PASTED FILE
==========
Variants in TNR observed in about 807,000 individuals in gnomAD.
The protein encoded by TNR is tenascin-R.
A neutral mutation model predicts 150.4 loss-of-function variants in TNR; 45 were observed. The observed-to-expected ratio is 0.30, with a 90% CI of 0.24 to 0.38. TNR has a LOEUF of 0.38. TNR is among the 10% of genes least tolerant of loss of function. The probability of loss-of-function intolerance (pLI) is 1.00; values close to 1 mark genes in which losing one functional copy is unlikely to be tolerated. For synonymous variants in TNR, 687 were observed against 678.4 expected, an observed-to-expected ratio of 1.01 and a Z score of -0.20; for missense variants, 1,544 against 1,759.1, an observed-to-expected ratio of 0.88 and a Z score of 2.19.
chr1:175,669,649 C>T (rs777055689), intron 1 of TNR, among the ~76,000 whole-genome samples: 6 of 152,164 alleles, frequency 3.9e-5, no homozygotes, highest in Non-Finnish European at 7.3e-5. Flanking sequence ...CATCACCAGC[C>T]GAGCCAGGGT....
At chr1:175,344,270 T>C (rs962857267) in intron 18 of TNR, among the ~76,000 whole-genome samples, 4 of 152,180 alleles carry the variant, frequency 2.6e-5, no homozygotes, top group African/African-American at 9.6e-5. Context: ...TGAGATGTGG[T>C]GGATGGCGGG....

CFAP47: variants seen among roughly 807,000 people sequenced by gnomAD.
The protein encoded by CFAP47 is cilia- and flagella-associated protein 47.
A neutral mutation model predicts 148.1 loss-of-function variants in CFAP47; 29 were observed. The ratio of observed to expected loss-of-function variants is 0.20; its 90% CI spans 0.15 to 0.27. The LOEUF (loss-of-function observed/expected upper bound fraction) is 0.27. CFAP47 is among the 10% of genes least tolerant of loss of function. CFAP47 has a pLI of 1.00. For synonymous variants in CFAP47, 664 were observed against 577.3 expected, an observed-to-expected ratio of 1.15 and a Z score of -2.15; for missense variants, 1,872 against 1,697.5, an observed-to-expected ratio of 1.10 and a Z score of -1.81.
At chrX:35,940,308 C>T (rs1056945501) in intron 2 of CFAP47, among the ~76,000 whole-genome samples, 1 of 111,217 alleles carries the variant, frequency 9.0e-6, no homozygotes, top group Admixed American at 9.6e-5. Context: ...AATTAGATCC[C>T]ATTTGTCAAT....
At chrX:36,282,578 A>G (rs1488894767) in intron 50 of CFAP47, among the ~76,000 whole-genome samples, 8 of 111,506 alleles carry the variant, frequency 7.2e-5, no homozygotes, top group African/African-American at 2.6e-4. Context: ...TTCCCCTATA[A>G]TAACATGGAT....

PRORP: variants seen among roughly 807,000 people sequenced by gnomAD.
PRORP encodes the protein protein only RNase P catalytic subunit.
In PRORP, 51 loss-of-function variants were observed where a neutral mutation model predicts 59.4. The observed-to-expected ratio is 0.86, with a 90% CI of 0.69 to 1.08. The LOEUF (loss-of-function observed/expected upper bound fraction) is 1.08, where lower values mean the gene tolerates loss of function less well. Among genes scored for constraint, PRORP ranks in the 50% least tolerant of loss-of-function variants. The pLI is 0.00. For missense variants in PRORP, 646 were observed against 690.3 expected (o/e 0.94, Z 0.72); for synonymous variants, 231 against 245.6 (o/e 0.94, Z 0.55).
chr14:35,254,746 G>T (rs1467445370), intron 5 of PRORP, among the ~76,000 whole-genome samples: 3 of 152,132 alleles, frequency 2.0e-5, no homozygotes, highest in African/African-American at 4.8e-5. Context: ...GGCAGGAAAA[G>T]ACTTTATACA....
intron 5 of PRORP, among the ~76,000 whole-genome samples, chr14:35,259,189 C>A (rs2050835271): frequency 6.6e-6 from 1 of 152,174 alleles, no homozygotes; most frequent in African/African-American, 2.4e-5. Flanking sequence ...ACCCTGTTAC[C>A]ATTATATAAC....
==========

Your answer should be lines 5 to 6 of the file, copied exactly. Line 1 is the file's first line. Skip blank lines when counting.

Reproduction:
At chr1:175,344,270 T>C (rs962857267) in intron 18 of TNR, among the ~76,000 whole-genome samples, 4 of 152,180 alleles carry the variant, frequency 2.6e-5, no homozygotes, top group African/African-American at 9.6e-5. Context: ...TGAGATGTGG[T>C]GGATGGCGGG....

CFAP47: variants seen among roughly 807,000 people sequenced by gnomAD.